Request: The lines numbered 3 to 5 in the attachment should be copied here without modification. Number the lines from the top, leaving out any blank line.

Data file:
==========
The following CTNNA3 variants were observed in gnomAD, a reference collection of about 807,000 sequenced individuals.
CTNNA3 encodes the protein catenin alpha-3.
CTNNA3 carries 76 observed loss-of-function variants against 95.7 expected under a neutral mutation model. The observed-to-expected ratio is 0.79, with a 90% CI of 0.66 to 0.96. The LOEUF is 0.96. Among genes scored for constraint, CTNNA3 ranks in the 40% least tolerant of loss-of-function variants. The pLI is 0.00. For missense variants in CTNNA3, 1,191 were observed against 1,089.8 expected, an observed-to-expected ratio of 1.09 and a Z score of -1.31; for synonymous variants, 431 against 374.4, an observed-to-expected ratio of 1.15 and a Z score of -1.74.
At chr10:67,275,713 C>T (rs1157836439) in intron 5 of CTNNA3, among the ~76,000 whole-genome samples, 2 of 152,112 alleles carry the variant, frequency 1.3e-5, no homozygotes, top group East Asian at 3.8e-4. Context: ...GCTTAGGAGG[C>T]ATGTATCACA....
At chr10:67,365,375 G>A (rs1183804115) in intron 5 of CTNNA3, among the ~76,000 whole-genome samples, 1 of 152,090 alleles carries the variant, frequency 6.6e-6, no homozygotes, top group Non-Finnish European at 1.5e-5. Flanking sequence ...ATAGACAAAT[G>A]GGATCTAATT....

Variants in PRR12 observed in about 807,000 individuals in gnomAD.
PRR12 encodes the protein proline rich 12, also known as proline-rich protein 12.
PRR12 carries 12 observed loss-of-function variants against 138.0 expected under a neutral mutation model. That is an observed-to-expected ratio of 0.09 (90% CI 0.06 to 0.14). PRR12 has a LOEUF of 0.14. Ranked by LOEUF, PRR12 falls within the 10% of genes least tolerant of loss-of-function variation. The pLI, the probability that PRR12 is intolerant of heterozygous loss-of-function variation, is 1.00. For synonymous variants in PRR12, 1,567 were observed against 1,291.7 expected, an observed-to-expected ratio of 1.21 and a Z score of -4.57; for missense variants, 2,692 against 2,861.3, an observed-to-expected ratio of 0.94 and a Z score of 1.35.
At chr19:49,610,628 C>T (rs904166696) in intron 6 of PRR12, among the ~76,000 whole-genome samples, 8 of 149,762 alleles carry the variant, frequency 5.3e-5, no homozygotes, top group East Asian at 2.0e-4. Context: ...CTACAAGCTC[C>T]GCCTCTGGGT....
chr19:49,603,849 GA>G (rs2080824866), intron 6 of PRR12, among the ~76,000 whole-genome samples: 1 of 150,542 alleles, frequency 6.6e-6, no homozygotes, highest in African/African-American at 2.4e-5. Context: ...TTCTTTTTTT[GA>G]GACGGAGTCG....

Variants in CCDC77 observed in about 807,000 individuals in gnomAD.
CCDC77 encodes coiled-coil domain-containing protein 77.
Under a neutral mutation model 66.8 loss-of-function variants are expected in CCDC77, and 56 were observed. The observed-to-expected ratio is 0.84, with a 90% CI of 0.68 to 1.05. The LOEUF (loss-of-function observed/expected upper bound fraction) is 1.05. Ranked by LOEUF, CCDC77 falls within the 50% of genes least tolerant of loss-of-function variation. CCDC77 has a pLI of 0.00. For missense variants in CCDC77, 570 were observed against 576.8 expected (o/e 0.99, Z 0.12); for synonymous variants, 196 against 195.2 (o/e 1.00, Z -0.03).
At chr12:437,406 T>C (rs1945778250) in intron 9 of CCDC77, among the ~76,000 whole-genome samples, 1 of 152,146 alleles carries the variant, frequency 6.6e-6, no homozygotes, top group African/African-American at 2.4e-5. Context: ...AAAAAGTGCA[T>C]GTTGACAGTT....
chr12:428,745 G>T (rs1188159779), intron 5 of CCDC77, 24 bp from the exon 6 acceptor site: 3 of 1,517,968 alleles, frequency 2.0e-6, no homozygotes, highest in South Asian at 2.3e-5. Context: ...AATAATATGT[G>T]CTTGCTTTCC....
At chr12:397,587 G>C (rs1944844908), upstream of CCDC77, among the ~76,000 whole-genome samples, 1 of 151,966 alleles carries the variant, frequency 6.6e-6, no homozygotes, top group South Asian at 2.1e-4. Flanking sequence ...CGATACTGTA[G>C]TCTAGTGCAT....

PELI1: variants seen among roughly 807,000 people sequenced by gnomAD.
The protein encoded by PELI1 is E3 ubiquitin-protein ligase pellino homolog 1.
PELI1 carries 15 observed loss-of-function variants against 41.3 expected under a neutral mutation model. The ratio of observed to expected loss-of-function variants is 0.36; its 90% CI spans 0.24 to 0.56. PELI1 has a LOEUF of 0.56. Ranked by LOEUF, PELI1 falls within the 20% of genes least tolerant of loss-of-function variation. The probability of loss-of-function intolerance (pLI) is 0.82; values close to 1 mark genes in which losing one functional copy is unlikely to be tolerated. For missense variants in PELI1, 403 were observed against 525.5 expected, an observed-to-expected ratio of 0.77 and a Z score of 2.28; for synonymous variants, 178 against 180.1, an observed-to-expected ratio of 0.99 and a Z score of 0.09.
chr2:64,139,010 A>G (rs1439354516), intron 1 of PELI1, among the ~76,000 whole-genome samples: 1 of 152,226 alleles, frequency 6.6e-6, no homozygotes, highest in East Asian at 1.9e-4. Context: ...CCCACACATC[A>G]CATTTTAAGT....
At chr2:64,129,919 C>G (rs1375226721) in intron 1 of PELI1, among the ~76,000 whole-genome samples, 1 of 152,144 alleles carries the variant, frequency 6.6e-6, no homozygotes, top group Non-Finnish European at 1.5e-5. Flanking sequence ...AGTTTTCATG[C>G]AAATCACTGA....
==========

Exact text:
CTNNA3 carries 76 observed loss-of-function variants against 95.7 expected under a neutral mutation model. The observed-to-expected ratio is 0.79, with a 90% CI of 0.66 to 0.96. The LOEUF is 0.96. Among genes scored for constraint, CTNNA3 ranks in the 40% least tolerant of loss-of-function variants. The pLI is 0.00. For missense variants in CTNNA3, 1,191 were observed against 1,089.8 expected, an observed-to-expected ratio of 1.09 and a Z score of -1.31; for synonymous variants, 431 against 374.4, an observed-to-expected ratio of 1.15 and a Z score of -1.74.
At chr10:67,275,713 C>T (rs1157836439) in intron 5 of CTNNA3, among the ~76,000 whole-genome samples, 2 of 152,112 alleles carry the variant, frequency 1.3e-5, no homozygotes, top group East Asian at 3.8e-4. Context: ...GCTTAGGAGG[C>T]ATGTATCACA....
At chr10:67,365,375 G>A (rs1183804115) in intron 5 of CTNNA3, among the ~76,000 whole-genome samples, 1 of 152,090 alleles carries the variant, frequency 6.6e-6, no homozygotes, top group Non-Finnish European at 1.5e-5. Flanking sequence ...ATAGACAAAT[G>A]GGATCTAATT....